First up, please let me state the following:
I have absolutely zero interest a debate about the relative merits of CMOS vs. the CCD back I'm using. I'm well aware of them and have read a lot about the new products coming through, even demoed a few for myself. What I am interested in is discussing how to get the most out of what I do have (Credo 60 on a Linhof Techno platform) in terms of preserving important hightlight information in high contrast scenes and getting better shadow information. Like for slide film, perhaps this is somewhat of an oxymoron...
Anyay, a bit of context.
I've been trying to shoot a cliff face including a bit of surrounding contextual information for a long-term project I'm working on. I'm trying to shoot a two shot, 6x13 panoramic stitch and am using an average lens in the Rodenstock 55mm APO-SD with a centre filter (2.5 stops... ouch...). Movements are quite extreme, so I'm suffering a lot with sharpness fall off. +/- 17mm horizontal shift, AND 10-13mm fall of the back. Always between f11-16.
Anyway, the shots I've taken so far have been frustratingly bad for many reasons, not least because I simply haven't managed yet to catch the scene under interesting light. I've tried and I've been there at times when it's beautiful in the flesh, but the foreground is always dark and if I'm to retain detail in the highlights, i.e. expose to the right with only very minimal clipping in the sky, the foreground falls very dark. Today looking at the histogram on the back when in the field I thought I'd managed to reach a good compromise exposure (although I knew the resulting shot wouldn't be very good from the get go,) with what seemed a tiny bit of space at the foot of the histogram and only a tiny bit of highlight clipping (viewing histogram on the back). I was looking forward to editing the photo and seeing what I could do with it, but on the computer my enthusiasm quickly dissapated when I lifted the shadows. Total mush, not helped by the falloff of the lens...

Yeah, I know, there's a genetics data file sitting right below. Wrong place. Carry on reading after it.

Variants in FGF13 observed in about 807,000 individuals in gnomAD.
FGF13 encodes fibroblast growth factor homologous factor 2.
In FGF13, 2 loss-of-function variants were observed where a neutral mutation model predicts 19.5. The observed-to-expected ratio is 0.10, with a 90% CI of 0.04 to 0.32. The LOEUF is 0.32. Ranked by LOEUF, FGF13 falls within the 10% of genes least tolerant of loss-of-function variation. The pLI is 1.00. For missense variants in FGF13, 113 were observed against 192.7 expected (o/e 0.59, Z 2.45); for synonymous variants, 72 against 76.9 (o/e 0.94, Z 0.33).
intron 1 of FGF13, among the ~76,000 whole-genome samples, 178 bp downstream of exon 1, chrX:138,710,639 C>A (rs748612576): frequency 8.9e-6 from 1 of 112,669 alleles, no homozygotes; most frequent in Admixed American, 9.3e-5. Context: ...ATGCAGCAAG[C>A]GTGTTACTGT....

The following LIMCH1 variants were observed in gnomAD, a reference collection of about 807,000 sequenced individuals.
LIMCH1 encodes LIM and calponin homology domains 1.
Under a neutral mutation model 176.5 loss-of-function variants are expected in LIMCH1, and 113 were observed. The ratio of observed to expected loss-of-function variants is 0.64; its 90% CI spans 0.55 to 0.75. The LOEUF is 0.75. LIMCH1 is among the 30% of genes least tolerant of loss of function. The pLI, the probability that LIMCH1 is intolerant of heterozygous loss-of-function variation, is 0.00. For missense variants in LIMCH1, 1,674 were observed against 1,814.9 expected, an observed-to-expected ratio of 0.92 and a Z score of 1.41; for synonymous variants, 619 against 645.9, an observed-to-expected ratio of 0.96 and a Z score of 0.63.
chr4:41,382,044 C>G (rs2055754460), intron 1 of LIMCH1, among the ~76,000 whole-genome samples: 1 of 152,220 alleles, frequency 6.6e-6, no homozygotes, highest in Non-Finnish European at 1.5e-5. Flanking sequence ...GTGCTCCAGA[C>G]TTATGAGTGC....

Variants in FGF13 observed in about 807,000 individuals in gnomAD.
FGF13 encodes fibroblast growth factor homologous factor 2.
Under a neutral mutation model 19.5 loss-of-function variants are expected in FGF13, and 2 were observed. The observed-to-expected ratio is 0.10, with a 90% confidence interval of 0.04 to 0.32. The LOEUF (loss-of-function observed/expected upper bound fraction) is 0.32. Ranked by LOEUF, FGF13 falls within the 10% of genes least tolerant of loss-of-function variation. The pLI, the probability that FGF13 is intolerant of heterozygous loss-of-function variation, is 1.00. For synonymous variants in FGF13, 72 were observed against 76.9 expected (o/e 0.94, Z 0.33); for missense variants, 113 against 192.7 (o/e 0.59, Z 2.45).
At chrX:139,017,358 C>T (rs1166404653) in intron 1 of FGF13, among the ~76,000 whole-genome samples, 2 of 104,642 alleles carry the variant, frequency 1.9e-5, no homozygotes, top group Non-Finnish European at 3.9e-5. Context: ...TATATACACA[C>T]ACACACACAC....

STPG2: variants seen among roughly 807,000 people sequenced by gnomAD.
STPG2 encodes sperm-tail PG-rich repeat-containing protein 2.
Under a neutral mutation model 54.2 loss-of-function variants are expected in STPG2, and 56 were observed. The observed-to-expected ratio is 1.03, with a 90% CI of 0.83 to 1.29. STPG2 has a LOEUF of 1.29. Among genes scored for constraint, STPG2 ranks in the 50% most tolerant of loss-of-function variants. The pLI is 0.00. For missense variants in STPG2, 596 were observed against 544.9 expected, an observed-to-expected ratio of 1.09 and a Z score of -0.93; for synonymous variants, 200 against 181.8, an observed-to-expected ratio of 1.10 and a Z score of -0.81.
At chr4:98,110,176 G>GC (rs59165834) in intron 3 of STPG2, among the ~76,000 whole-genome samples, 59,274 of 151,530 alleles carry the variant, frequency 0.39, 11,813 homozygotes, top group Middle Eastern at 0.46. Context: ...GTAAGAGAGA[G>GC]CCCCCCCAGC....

Anyway, attached here is a screenshot of an LCC file (when applying it I turn the vignetting correction off and just remove the colour cast to try keep the noise levels down,) the flat file preview (right frame, 17mm horizontal shift plus 10mm fall of the back), and a preview after some very rough editing. For this example I've used the Product curve in C1, along with the Pro Photo colour profile (the product profile, which usually looks good if quite low saturation, looked horribly dead.)
My question really is what would others do in this situation? Would you expose the image differently, i.e. force the highlights to white to improve the shadows, or do you have any special tricks in C1 to magically clean things up? I must admit that I'm not a C1 native and hugely prefer the Lightroom interface, so admit to getting frustrated quite quickly when trying to get the results I want. Would you resort to exposure blending and if so, what is the best way to go about doing this? I.e. is there good software that can do it in an automated sense like the photomerge function in PS, even with images to stitch as a pano?
Seriously, any advise appreciated.